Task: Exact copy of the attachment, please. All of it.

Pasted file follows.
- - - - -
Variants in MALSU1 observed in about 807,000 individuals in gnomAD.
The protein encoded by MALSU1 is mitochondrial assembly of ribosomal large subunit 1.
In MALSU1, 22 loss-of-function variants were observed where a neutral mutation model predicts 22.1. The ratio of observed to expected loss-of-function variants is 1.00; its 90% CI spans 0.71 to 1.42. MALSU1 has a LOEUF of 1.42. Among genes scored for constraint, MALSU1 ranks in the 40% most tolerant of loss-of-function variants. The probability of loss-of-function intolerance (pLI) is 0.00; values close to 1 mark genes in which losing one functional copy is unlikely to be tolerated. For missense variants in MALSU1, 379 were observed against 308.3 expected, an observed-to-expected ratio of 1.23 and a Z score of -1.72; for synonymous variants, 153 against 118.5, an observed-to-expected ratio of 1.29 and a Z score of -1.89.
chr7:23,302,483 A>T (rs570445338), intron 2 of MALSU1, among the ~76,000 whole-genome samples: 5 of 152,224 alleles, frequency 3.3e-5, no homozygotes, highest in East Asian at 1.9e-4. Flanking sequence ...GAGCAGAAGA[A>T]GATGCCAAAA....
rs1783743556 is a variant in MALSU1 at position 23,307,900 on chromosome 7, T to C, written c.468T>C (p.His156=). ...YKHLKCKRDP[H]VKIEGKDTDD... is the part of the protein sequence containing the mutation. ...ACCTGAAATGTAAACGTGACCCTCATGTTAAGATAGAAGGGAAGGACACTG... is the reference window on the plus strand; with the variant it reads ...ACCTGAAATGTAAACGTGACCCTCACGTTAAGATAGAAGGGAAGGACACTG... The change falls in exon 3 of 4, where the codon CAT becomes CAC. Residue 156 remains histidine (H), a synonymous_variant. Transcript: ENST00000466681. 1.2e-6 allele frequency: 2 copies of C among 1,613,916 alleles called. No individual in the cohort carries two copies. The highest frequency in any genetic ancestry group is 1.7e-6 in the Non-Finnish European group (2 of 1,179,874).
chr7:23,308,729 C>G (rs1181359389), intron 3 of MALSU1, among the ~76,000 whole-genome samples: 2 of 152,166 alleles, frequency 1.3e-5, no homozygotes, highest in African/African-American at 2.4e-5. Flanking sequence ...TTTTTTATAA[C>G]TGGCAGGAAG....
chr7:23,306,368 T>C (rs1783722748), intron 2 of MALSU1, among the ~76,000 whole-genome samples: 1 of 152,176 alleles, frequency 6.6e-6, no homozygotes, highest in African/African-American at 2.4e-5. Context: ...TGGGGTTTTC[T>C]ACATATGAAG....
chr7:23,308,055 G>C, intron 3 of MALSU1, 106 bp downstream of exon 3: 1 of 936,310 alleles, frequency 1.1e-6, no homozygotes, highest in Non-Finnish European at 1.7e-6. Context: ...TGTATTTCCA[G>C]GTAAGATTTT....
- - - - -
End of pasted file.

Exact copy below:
Variants in MALSU1 observed in about 807,000 individuals in gnomAD.
The protein encoded by MALSU1 is mitochondrial assembly of ribosomal large subunit 1.
In MALSU1, 22 loss-of-function variants were observed where a neutral mutation model predicts 22.1. The ratio of observed to expected loss-of-function variants is 1.00; its 90% CI spans 0.71 to 1.42. MALSU1 has a LOEUF of 1.42. Among genes scored for constraint, MALSU1 ranks in the 40% most tolerant of loss-of-function variants. The probability of loss-of-function intolerance (pLI) is 0.00; values close to 1 mark genes in which losing one functional copy is unlikely to be tolerated. For missense variants in MALSU1, 379 were observed against 308.3 expected, an observed-to-expected ratio of 1.23 and a Z score of -1.72; for synonymous variants, 153 against 118.5, an observed-to-expected ratio of 1.29 and a Z score of -1.89.
chr7:23,302,483 A>T (rs570445338), intron 2 of MALSU1, among the ~76,000 whole-genome samples: 5 of 152,224 alleles, frequency 3.3e-5, no homozygotes, highest in East Asian at 1.9e-4. Flanking sequence ...GAGCAGAAGA[A>T]GATGCCAAAA....
rs1783743556 is a variant in MALSU1 at position 23,307,900 on chromosome 7, T to C, written c.468T>C (p.His156=). ...YKHLKCKRDP[H]VKIEGKDTDD... is the part of the protein sequence containing the mutation. ...ACCTGAAATGTAAACGTGACCCTCATGTTAAGATAGAAGGGAAGGACACTG... is the reference window on the plus strand; with the variant it reads ...ACCTGAAATGTAAACGTGACCCTCACGTTAAGATAGAAGGGAAGGACACTG... The change falls in exon 3 of 4, where the codon CAT becomes CAC. Residue 156 remains histidine (H), a synonymous_variant. Transcript: ENST00000466681. 1.2e-6 allele frequency: 2 copies of C among 1,613,916 alleles called. No individual in the cohort carries two copies. The highest frequency in any genetic ancestry group is 1.7e-6 in the Non-Finnish European group (2 of 1,179,874).
chr7:23,308,729 C>G (rs1181359389), intron 3 of MALSU1, among the ~76,000 whole-genome samples: 2 of 152,166 alleles, frequency 1.3e-5, no homozygotes, highest in African/African-American at 2.4e-5. Flanking sequence ...TTTTTTATAA[C>G]TGGCAGGAAG....
chr7:23,306,368 T>C (rs1783722748), intron 2 of MALSU1, among the ~76,000 whole-genome samples: 1 of 152,176 alleles, frequency 6.6e-6, no homozygotes, highest in African/African-American at 2.4e-5. Context: ...TGGGGTTTTC[T>C]ACATATGAAG....
chr7:23,308,055 G>C, intron 3 of MALSU1, 106 bp downstream of exon 3: 1 of 936,310 alleles, frequency 1.1e-6, no homozygotes, highest in Non-Finnish European at 1.7e-6. Context: ...TGTATTTCCA[G>C]GTAAGATTTT....